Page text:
Crohn's disease vaccine
This research was completed on 31 August 2003
|Project Leader||Professor John Hermon-Taylor M Chir, FRCS|
|Location||Department of Surgery, St George's Hospital Medical School, London.|
|Grant awarded||26 October 2000|
|Start date||1 September 2000|
|End date||31 August 2003|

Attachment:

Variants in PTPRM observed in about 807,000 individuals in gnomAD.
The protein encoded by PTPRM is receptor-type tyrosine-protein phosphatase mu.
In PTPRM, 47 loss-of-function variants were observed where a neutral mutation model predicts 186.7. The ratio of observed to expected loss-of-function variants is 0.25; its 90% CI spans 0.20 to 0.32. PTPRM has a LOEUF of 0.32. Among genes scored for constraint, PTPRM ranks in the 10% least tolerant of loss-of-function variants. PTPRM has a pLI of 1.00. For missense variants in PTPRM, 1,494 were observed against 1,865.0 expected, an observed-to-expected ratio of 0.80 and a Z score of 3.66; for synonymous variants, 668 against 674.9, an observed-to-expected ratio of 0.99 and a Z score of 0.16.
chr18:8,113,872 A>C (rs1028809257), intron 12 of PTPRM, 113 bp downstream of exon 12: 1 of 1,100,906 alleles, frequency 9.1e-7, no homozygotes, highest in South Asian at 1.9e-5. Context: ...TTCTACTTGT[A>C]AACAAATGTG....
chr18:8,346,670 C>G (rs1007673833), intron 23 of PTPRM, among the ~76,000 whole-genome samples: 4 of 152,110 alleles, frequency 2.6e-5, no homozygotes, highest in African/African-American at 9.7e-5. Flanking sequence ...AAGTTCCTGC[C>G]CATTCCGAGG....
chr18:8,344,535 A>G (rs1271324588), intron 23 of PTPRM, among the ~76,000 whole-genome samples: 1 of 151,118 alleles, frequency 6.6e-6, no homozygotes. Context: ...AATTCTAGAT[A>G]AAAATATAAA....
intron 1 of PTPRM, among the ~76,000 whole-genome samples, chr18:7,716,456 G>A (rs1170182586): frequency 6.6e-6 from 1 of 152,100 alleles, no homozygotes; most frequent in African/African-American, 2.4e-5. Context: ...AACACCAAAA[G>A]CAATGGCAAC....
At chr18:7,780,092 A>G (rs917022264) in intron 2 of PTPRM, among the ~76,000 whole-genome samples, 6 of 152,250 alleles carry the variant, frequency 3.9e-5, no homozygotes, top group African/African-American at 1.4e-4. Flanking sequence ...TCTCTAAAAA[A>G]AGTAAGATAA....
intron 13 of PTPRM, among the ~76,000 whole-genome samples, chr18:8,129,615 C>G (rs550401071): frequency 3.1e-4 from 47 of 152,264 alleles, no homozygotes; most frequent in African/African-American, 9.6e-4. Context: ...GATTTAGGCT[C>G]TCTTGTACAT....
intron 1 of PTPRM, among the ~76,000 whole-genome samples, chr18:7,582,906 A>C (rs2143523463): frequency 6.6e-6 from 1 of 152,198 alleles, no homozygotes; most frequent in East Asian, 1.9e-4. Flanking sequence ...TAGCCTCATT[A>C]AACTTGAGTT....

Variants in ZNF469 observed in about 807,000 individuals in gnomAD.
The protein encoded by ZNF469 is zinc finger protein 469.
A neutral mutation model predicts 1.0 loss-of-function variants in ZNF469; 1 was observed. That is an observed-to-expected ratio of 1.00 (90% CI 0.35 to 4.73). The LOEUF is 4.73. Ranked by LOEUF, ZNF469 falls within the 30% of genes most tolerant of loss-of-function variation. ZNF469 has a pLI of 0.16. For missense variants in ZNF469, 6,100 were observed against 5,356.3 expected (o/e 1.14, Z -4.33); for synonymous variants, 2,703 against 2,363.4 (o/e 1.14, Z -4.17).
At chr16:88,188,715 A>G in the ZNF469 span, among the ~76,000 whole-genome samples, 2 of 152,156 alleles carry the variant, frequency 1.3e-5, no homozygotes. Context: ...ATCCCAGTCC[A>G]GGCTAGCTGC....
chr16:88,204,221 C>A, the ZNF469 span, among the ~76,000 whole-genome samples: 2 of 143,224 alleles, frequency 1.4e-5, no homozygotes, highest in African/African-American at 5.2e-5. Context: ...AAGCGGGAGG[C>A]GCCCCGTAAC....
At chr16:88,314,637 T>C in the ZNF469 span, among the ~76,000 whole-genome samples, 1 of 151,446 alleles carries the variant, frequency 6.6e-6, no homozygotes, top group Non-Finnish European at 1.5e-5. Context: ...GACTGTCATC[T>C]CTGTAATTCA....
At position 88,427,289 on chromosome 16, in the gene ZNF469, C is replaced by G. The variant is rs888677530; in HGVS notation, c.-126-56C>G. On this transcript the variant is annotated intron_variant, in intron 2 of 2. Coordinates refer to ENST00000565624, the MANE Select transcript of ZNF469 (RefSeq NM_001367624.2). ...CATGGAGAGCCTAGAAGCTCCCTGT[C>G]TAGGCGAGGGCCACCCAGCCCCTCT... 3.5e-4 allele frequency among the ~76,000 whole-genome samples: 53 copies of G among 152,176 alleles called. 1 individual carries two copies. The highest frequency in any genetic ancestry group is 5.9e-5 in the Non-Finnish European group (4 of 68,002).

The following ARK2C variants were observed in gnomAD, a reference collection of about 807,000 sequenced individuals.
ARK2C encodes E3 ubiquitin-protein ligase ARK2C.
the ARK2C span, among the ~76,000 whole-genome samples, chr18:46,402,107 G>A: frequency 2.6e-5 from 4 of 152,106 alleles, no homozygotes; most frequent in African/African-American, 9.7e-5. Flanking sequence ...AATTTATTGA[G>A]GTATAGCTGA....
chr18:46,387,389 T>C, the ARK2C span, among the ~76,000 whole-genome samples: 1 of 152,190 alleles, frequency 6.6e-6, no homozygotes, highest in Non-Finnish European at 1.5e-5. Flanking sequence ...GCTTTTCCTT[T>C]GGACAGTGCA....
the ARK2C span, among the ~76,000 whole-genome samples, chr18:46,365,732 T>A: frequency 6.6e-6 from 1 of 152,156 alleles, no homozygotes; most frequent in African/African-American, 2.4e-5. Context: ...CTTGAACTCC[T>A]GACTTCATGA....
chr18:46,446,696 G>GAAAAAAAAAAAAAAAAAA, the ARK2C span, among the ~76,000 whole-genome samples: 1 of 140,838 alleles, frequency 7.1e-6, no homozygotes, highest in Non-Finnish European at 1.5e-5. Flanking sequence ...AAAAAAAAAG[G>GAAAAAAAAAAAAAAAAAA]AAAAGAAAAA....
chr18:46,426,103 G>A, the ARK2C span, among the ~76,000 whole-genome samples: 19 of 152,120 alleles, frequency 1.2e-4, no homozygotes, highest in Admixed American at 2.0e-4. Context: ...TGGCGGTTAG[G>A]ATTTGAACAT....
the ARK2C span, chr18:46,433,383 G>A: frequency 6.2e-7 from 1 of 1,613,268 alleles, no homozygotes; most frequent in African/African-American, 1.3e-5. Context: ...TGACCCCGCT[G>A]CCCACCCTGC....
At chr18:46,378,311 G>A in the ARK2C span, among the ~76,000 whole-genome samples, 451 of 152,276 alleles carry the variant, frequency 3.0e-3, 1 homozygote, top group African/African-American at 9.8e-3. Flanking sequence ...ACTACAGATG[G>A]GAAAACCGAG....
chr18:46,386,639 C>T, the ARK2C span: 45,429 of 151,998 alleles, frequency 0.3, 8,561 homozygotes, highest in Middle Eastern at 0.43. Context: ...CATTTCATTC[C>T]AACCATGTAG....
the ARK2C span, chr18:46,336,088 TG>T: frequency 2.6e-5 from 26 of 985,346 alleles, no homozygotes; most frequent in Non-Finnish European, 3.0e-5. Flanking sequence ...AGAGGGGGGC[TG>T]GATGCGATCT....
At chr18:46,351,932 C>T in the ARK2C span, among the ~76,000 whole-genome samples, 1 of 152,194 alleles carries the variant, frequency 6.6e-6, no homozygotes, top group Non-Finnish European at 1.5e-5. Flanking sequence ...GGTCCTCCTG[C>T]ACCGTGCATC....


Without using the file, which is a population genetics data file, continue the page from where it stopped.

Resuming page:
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Crohn's disease is a chronic inflammation of the intestine which ruins people's lives and costs the NHS hundreds of millions of pounds. About 4-8000 people in Britain develop Crohn's disease each year and the total number of individuals affected is somewhere in the range of 40-80,000. Mycobacterium avium subspecies paratuberculosis (MAP) is a bug which is a specific cause of chronic inflammation of the intestine in many animals. As a result of his earlier research, much of it funded by Action Research, Professor Hermon-Taylor believes that MAP could be transmitted from our domestic livestock to cause chronic inflammation of the Crohn's disease type in humans who have a particular susceptibility. This further research will take the first and critically important step in the development of an entirely new MAP vaccine in order to treat people with active Crohn's disease. The aim is to bring about relief and the return to health for thousands of people.